the B-type near-Earth asteroid (3200) Phaethon,
the parent body of the Geminids meteor shower,
apparently consists of smaller particles [1mm
( 52 )] than observed at Bennu (<1 to ~10 cm).
However, particles in the centimeter size range
were not observable during studies of Phaethon
at perihelion, and sub-centimeter particles
would have been difficult to detect in NavCam 1
images. Particles in the millimeter size range
are observed as Geminids meteors ( 53 ). The
mass loss from Bennu between 31 December
and 18 February (including the three largest
ejection events characterized above) was
~10^3 g,whichisordersofmagnitudelessthan
Phaethon’s near-perihelion mass loss (~10^4 to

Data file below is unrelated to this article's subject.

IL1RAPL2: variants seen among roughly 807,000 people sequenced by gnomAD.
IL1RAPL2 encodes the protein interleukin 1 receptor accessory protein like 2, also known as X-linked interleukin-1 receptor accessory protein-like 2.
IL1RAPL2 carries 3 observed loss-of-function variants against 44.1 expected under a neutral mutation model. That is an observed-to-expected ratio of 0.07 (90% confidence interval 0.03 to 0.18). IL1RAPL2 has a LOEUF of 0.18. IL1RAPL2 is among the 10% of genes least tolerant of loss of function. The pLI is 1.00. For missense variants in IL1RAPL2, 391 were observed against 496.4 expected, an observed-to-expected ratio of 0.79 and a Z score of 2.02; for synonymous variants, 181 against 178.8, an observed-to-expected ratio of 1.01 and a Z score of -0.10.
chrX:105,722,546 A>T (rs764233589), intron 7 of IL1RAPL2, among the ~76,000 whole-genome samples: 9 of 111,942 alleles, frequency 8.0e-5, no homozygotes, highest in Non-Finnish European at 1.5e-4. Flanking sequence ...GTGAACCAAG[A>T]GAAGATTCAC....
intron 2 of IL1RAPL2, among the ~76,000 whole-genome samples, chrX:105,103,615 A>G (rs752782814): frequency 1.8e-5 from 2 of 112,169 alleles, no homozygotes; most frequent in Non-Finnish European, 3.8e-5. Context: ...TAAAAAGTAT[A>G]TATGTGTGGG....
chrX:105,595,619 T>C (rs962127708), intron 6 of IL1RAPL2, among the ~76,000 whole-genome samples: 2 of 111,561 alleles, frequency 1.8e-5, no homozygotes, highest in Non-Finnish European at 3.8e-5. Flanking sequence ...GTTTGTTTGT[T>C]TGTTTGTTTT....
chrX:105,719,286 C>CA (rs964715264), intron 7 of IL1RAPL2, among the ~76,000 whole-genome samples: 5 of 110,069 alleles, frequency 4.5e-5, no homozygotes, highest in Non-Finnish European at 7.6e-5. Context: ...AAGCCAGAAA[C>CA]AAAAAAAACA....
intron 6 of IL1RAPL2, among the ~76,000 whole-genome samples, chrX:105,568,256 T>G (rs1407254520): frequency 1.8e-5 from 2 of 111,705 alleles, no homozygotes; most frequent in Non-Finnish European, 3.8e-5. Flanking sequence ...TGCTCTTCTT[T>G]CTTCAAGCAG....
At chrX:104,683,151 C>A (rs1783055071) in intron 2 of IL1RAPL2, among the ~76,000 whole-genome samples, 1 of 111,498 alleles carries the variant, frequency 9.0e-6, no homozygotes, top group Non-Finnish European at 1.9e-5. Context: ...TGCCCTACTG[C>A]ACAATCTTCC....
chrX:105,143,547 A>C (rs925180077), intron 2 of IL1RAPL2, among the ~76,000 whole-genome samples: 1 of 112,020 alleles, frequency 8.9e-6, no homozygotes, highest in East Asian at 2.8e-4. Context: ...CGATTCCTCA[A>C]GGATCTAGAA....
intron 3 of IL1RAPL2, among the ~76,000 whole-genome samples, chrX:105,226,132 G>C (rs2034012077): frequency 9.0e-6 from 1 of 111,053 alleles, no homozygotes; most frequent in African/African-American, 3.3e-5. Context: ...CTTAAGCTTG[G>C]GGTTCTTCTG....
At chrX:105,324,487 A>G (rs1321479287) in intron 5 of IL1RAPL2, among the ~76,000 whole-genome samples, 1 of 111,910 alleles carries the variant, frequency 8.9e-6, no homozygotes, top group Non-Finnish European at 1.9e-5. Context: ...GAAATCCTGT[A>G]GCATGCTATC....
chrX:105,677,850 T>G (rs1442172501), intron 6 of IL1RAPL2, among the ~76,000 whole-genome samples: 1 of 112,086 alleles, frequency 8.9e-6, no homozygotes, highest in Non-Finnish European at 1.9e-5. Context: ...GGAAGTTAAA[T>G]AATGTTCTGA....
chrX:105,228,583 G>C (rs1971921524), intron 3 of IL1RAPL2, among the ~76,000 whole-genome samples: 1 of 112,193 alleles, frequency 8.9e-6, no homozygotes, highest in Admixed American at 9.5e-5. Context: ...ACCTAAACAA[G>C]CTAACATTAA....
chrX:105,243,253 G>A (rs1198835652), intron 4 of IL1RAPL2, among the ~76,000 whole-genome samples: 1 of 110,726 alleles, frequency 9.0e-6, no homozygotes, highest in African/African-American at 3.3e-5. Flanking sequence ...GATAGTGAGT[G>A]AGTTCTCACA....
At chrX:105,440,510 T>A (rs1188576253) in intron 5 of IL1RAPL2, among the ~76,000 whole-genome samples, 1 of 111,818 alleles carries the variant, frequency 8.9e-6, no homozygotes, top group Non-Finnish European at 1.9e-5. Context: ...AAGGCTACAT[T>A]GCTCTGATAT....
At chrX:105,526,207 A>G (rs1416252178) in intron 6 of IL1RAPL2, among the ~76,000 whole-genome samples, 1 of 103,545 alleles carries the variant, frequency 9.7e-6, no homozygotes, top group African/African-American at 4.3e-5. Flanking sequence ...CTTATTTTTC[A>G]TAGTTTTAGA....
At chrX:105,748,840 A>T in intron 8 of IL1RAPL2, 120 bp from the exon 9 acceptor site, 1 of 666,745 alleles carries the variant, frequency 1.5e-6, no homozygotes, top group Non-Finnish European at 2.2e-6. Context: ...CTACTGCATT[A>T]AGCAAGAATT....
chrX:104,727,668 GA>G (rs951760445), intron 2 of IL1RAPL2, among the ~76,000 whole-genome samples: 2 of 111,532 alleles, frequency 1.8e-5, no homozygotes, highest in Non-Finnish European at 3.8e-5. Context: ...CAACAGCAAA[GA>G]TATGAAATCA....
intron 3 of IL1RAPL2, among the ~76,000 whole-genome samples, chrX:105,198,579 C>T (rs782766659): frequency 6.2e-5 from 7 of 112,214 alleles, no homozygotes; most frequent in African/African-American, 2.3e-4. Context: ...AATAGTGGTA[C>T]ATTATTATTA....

105 kg per perihelion passage) ( 7 ). The mass
loss rate (~10−^4 gs−^1 ) on Bennu is also many
orders of magnitude less than the rates ob-
served at other active asteroids (~10 to 10^3 gs−^1 )
( 1 ). Mass loss as seen at Bennu suggests that
Phaethon’s current mass loss rate may include
larger particles and be greater than remote
observations imply.
Having evaluated multiple hypotheses for
the mechanism of particle ejection on Bennu,
we found that thermal fracturing, volatile re-
lease by dehydration of phyllosilicate rocks,
and meteoroid impacts are plausible explan-
ations. Rotational disruption and electrostatic
lofting cannot explain the observed particle
sizes and ejection velocities. There is no evi-
dence for ice on the surface of Bennu or for
recent exposure of a subsurface ice reservoir
at the multiple ejection sites. Bennu’sboulder